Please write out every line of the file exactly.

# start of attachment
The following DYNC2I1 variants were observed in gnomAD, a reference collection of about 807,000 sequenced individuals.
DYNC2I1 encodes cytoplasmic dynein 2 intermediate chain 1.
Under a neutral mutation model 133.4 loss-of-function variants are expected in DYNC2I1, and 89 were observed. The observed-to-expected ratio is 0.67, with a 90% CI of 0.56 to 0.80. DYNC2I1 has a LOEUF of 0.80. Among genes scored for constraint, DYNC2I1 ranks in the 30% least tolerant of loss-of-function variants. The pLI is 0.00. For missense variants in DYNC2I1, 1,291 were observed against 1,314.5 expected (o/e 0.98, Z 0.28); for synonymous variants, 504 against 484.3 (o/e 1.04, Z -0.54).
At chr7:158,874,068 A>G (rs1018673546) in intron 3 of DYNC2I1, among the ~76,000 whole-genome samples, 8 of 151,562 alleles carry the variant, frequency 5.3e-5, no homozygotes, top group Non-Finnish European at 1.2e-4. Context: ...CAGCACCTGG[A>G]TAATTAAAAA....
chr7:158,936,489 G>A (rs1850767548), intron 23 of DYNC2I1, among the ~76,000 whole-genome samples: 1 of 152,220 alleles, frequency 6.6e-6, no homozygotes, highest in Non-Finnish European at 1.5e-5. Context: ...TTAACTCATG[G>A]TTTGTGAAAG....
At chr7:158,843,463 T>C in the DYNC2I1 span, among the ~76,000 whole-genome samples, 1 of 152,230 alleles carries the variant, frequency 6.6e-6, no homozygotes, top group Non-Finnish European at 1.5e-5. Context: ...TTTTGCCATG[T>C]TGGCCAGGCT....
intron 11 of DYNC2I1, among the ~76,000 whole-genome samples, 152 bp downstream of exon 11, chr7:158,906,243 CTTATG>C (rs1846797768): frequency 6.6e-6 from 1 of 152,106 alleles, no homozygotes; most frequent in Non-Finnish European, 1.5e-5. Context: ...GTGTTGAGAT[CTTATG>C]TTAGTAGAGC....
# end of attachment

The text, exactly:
The following DYNC2I1 variants were observed in gnomAD, a reference collection of about 807,000 sequenced individuals.
DYNC2I1 encodes cytoplasmic dynein 2 intermediate chain 1.
Under a neutral mutation model 133.4 loss-of-function variants are expected in DYNC2I1, and 89 were observed. The observed-to-expected ratio is 0.67, with a 90% CI of 0.56 to 0.80. DYNC2I1 has a LOEUF of 0.80. Among genes scored for constraint, DYNC2I1 ranks in the 30% least tolerant of loss-of-function variants. The pLI is 0.00. For missense variants in DYNC2I1, 1,291 were observed against 1,314.5 expected (o/e 0.98, Z 0.28); for synonymous variants, 504 against 484.3 (o/e 1.04, Z -0.54).
At chr7:158,874,068 A>G (rs1018673546) in intron 3 of DYNC2I1, among the ~76,000 whole-genome samples, 8 of 151,562 alleles carry the variant, frequency 5.3e-5, no homozygotes, top group Non-Finnish European at 1.2e-4. Context: ...CAGCACCTGG[A>G]TAATTAAAAA....
chr7:158,936,489 G>A (rs1850767548), intron 23 of DYNC2I1, among the ~76,000 whole-genome samples: 1 of 152,220 alleles, frequency 6.6e-6, no homozygotes, highest in Non-Finnish European at 1.5e-5. Context: ...TTAACTCATG[G>A]TTTGTGAAAG....
At chr7:158,843,463 T>C in the DYNC2I1 span, among the ~76,000 whole-genome samples, 1 of 152,230 alleles carries the variant, frequency 6.6e-6, no homozygotes, top group Non-Finnish European at 1.5e-5. Context: ...TTTTGCCATG[T>C]TGGCCAGGCT....
intron 11 of DYNC2I1, among the ~76,000 whole-genome samples, 152 bp downstream of exon 11, chr7:158,906,243 CTTATG>C (rs1846797768): frequency 6.6e-6 from 1 of 152,106 alleles, no homozygotes; most frequent in Non-Finnish European, 1.5e-5. Context: ...GTGTTGAGAT[CTTATG>C]TTAGTAGAGC....